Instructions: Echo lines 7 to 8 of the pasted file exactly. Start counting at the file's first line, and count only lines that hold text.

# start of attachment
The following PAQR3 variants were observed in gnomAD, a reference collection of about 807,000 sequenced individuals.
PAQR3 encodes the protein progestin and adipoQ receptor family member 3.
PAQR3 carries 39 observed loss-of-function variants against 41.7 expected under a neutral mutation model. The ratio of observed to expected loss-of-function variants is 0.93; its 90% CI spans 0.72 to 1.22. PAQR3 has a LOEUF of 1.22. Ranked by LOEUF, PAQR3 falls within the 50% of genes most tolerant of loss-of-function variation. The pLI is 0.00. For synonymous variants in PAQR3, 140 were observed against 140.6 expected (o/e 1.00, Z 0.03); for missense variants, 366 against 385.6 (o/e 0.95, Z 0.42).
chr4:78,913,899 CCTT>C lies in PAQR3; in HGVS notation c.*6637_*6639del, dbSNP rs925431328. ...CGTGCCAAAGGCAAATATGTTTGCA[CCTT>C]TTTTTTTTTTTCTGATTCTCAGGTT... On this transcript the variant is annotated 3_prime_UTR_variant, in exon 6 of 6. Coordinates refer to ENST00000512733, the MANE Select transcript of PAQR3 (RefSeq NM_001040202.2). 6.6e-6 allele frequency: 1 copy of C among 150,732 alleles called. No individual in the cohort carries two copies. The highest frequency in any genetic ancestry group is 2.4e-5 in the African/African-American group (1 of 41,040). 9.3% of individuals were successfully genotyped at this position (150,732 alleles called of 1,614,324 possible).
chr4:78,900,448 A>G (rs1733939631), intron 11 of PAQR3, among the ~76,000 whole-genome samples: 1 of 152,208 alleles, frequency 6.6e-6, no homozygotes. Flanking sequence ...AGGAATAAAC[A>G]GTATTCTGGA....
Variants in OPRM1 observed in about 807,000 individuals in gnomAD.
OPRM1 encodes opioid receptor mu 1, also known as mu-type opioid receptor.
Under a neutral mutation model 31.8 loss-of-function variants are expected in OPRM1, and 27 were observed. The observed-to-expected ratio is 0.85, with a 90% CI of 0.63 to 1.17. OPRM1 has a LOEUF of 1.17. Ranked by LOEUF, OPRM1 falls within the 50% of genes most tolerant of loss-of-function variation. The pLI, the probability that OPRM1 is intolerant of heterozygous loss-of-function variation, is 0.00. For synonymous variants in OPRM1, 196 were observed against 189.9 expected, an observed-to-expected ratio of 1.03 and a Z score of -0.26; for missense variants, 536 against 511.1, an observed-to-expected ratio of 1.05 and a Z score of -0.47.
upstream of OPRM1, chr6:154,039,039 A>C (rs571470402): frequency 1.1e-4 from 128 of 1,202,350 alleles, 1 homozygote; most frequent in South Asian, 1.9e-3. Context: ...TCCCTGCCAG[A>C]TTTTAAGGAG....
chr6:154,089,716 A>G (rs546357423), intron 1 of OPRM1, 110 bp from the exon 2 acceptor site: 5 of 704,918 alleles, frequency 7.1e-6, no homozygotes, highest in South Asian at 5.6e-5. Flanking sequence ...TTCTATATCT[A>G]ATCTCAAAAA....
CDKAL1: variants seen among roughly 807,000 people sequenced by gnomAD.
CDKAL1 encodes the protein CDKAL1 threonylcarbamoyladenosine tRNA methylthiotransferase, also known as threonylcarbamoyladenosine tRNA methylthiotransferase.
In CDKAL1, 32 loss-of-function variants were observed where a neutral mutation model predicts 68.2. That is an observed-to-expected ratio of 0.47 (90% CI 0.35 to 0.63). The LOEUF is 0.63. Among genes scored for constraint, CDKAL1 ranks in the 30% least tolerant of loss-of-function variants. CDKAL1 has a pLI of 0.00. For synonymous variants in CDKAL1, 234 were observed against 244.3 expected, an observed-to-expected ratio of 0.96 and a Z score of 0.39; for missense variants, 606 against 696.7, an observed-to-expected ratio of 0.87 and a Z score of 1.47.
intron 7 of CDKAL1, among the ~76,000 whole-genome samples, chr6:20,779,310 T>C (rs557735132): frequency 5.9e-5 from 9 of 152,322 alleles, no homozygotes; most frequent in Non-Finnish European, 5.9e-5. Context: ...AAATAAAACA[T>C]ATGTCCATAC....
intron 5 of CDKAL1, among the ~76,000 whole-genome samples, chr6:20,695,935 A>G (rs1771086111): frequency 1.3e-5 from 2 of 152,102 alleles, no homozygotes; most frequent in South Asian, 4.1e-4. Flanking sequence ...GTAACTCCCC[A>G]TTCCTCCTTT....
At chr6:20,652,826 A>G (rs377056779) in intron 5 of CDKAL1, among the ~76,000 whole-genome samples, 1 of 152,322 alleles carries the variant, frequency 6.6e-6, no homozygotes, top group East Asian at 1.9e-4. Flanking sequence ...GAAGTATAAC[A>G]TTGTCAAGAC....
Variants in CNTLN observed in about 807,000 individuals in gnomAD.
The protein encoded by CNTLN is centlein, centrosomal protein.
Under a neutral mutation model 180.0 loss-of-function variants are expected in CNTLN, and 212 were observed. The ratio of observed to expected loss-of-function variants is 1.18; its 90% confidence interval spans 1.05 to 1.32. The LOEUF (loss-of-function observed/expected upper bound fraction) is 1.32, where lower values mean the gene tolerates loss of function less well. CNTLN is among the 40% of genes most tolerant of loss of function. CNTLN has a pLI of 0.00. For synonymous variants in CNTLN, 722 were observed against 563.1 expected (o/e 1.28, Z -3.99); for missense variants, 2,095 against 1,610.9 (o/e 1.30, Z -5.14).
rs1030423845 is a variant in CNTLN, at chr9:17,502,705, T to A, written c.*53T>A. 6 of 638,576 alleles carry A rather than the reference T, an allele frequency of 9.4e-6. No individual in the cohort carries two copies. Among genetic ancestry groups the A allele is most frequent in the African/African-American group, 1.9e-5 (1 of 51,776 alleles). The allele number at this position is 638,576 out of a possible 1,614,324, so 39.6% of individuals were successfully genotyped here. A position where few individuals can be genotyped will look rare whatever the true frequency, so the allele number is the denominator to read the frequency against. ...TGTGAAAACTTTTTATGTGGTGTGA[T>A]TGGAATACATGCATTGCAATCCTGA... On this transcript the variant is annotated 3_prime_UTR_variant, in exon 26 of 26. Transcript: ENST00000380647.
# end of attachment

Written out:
OPRM1 encodes opioid receptor mu 1, also known as mu-type opioid receptor.
Under a neutral mutation model 31.8 loss-of-function variants are expected in OPRM1, and 27 were observed. The observed-to-expected ratio is 0.85, with a 90% CI of 0.63 to 1.17. OPRM1 has a LOEUF of 1.17. Ranked by LOEUF, OPRM1 falls within the 50% of genes most tolerant of loss-of-function variation. The pLI, the probability that OPRM1 is intolerant of heterozygous loss-of-function variation, is 0.00. For synonymous variants in OPRM1, 196 were observed against 189.9 expected, an observed-to-expected ratio of 1.03 and a Z score of -0.26; for missense variants, 536 against 511.1, an observed-to-expected ratio of 1.05 and a Z score of -0.47.